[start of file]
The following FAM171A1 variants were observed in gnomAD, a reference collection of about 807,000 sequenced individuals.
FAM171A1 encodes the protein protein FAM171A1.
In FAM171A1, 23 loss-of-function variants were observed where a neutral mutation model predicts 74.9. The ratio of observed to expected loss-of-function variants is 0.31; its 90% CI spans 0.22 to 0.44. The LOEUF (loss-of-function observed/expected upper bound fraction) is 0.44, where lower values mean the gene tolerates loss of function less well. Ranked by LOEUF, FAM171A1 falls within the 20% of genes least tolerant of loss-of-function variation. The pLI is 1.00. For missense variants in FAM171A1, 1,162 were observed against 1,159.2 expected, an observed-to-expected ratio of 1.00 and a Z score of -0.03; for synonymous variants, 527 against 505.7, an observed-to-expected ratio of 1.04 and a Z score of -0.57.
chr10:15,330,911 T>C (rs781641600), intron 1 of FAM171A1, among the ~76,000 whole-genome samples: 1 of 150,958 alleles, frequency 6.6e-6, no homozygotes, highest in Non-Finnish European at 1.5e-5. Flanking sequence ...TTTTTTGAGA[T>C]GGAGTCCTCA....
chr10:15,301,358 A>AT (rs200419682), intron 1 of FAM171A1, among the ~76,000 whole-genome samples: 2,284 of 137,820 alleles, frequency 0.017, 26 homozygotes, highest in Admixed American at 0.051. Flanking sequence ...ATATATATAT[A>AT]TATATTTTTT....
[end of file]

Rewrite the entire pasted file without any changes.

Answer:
The following FAM171A1 variants were observed in gnomAD, a reference collection of about 807,000 sequenced individuals.
FAM171A1 encodes the protein protein FAM171A1.
In FAM171A1, 23 loss-of-function variants were observed where a neutral mutation model predicts 74.9. The ratio of observed to expected loss-of-function variants is 0.31; its 90% CI spans 0.22 to 0.44. The LOEUF (loss-of-function observed/expected upper bound fraction) is 0.44, where lower values mean the gene tolerates loss of function less well. Ranked by LOEUF, FAM171A1 falls within the 20% of genes least tolerant of loss-of-function variation. The pLI is 1.00. For missense variants in FAM171A1, 1,162 were observed against 1,159.2 expected, an observed-to-expected ratio of 1.00 and a Z score of -0.03; for synonymous variants, 527 against 505.7, an observed-to-expected ratio of 1.04 and a Z score of -0.57.
chr10:15,330,911 T>C (rs781641600), intron 1 of FAM171A1, among the ~76,000 whole-genome samples: 1 of 150,958 alleles, frequency 6.6e-6, no homozygotes, highest in Non-Finnish European at 1.5e-5. Flanking sequence ...TTTTTTGAGA[T>C]GGAGTCCTCA....
chr10:15,301,358 A>AT (rs200419682), intron 1 of FAM171A1, among the ~76,000 whole-genome samples: 2,284 of 137,820 alleles, frequency 0.017, 26 homozygotes, highest in Admixed American at 0.051. Flanking sequence ...ATATATATAT[A>AT]TATATTTTTT....